The exhibition of illustrations by Lila Prap from the book Dragons?! is really a painting exhibition. Superb illustration is also superb fine art anyway. This may seem self-evident, but it is not always the case. Some illustrations work as pictures in their own right, while others work well primarily in the context of a book, accompanied by a text. Lila’s illustrations are excellent as part of a book and equally excellent as individual exponents in an exhibition. Almost all of Lila’s books are her own through and through. Everything in the books is hers – the ideas, the text, the images and the design – which is why we have so little work with their preparation in the publishing house. And on publication, the result is always overwhelming.

Lila Prap’s books are proverbially cosmopolitan. This is not just a nice phrase; it is borne out by the translations of her works all over the world. In listing the translations, one could start in North or South America, Europe, Asia or Australia. Lila is a star in Japan, each new book is anxiously awaited at Chinese trade shows, and so on. A publisher in South Africa contacted us because they are very interested in the books and would like to translate them into who knows how many local dialects. I am currently aware of about 38 languages, but it seems that I may not have the most recent information.

Lila’s aesthetics and execution are obviously equally exciting throughout the world, which is an interesting riddle. On first glance, her pictures seem very straightforward. Their design is simple: an unusual drawing with a thick worm-like black line, while the areas between the lines are filled with an almost pure, uniform colour. But the first impression is deceptive; on closer examination we see that the picture is actually a carefully studied architectural composition. In the process of creation, each image undergoes numerous tiny shifts and a lot of paper finds its way to the waste bin until it is exactly the way Lila wants it to be. And she is by no means easily satisfied; quite the opposite. She then adds colours in the form of coloured chalk, with each colour containing at least four or five shades. Patiently and with tremendous sensitivity, she applies powdery gossamer colours to the surface. The final effect of a blaze of colours is a single vibration. Even at this stage, it sometimes “goes wrong”, a tiny “mistake” occurs and work on the picture begins again.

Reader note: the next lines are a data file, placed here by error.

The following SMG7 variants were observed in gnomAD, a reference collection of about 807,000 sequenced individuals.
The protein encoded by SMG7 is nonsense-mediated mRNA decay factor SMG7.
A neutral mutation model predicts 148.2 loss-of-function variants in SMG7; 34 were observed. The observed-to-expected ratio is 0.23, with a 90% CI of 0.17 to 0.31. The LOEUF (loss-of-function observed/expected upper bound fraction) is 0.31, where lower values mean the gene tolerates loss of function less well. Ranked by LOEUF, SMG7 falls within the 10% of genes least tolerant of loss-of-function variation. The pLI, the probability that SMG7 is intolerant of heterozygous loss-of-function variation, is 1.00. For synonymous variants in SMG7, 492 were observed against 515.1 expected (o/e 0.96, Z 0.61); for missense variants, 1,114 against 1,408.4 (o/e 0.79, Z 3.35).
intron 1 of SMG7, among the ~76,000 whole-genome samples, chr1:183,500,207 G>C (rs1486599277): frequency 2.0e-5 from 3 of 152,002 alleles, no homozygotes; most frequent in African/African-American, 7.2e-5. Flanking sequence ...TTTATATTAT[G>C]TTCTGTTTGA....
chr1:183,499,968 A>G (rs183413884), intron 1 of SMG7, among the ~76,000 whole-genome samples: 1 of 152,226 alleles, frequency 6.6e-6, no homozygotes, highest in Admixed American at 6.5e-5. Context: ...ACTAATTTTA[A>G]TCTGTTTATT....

In the face of all of this perfection, we cannot for a moment overlook the superb humour that is an essential element in the creation of each book. In a way, it is the source of all of Lila’s activity. Humour, yes, but backed by highly imperceptible professional study and a great deal of consultation with experts in the field treated by the text.

The book Dragons?! is Lila’s twentieth original picture book. She creates one every year, and each one is a success.
Lila is a painter who is not affected by the tradition of Slovenian illustration in a straightforward way, perhaps only in her attitude to work. She is singular and unique. It is not a joke with her.

Pavle Učakar,
Art Editor of Mladinska knjiga Publishing House

The exhibition has been prepared in cooperation with Mladinska knjiga založba d.d.

We recommend using the funicular railway to visit the exhibition.

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